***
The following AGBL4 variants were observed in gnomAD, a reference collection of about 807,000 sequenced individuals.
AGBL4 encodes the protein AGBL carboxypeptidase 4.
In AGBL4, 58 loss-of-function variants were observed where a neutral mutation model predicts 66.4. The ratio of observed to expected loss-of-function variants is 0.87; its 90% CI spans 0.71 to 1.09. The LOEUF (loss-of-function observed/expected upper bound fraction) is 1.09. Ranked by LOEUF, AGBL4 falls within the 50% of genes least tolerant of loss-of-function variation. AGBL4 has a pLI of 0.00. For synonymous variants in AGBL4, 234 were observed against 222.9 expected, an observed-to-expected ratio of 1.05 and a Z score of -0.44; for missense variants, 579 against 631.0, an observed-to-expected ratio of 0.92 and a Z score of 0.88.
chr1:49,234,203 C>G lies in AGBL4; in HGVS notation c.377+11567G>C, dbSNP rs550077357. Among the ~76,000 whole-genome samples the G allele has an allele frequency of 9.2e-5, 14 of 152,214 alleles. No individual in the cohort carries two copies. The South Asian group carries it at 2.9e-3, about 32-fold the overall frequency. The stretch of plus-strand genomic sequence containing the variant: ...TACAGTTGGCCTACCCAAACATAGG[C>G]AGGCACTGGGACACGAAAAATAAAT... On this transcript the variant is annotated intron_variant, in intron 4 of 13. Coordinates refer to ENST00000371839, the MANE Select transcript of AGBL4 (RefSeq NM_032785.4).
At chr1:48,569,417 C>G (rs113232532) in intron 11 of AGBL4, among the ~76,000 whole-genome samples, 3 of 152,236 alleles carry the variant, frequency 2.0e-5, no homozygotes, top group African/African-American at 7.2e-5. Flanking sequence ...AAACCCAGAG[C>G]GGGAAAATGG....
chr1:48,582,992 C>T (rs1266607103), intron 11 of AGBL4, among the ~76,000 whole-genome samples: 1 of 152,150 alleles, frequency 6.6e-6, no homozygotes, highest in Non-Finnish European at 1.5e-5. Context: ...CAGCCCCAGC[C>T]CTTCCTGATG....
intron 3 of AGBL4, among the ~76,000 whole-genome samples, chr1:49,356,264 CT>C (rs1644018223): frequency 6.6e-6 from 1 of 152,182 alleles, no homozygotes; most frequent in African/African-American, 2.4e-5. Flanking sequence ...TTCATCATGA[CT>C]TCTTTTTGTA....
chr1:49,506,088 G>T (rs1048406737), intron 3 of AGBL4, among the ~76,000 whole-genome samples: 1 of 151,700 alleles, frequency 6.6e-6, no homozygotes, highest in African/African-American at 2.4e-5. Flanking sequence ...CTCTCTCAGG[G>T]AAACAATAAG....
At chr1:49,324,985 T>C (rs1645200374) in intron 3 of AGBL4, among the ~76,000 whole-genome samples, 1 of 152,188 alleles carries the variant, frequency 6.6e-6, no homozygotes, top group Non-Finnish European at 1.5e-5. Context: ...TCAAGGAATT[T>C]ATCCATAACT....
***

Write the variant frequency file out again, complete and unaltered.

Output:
The following AGBL4 variants were observed in gnomAD, a reference collection of about 807,000 sequenced individuals.
AGBL4 encodes the protein AGBL carboxypeptidase 4.
In AGBL4, 58 loss-of-function variants were observed where a neutral mutation model predicts 66.4. The ratio of observed to expected loss-of-function variants is 0.87; its 90% CI spans 0.71 to 1.09. The LOEUF (loss-of-function observed/expected upper bound fraction) is 1.09. Ranked by LOEUF, AGBL4 falls within the 50% of genes least tolerant of loss-of-function variation. AGBL4 has a pLI of 0.00. For synonymous variants in AGBL4, 234 were observed against 222.9 expected, an observed-to-expected ratio of 1.05 and a Z score of -0.44; for missense variants, 579 against 631.0, an observed-to-expected ratio of 0.92 and a Z score of 0.88.
chr1:49,234,203 C>G lies in AGBL4; in HGVS notation c.377+11567G>C, dbSNP rs550077357. Among the ~76,000 whole-genome samples the G allele has an allele frequency of 9.2e-5, 14 of 152,214 alleles. No individual in the cohort carries two copies. The South Asian group carries it at 2.9e-3, about 32-fold the overall frequency. The stretch of plus-strand genomic sequence containing the variant: ...TACAGTTGGCCTACCCAAACATAGG[C>G]AGGCACTGGGACACGAAAAATAAAT... On this transcript the variant is annotated intron_variant, in intron 4 of 13. Coordinates refer to ENST00000371839, the MANE Select transcript of AGBL4 (RefSeq NM_032785.4).
At chr1:48,569,417 C>G (rs113232532) in intron 11 of AGBL4, among the ~76,000 whole-genome samples, 3 of 152,236 alleles carry the variant, frequency 2.0e-5, no homozygotes, top group African/African-American at 7.2e-5. Flanking sequence ...AAACCCAGAG[C>G]GGGAAAATGG....
chr1:48,582,992 C>T (rs1266607103), intron 11 of AGBL4, among the ~76,000 whole-genome samples: 1 of 152,150 alleles, frequency 6.6e-6, no homozygotes, highest in Non-Finnish European at 1.5e-5. Context: ...CAGCCCCAGC[C>T]CTTCCTGATG....
intron 3 of AGBL4, among the ~76,000 whole-genome samples, chr1:49,356,264 CT>C (rs1644018223): frequency 6.6e-6 from 1 of 152,182 alleles, no homozygotes; most frequent in African/African-American, 2.4e-5. Flanking sequence ...TTCATCATGA[CT>C]TCTTTTTGTA....
chr1:49,506,088 G>T (rs1048406737), intron 3 of AGBL4, among the ~76,000 whole-genome samples: 1 of 151,700 alleles, frequency 6.6e-6, no homozygotes, highest in African/African-American at 2.4e-5. Flanking sequence ...CTCTCTCAGG[G>T]AAACAATAAG....
At chr1:49,324,985 T>C (rs1645200374) in intron 3 of AGBL4, among the ~76,000 whole-genome samples, 1 of 152,188 alleles carries the variant, frequency 6.6e-6, no homozygotes, top group Non-Finnish European at 1.5e-5. Context: ...TCAAGGAATT[T>C]ATCCATAACT....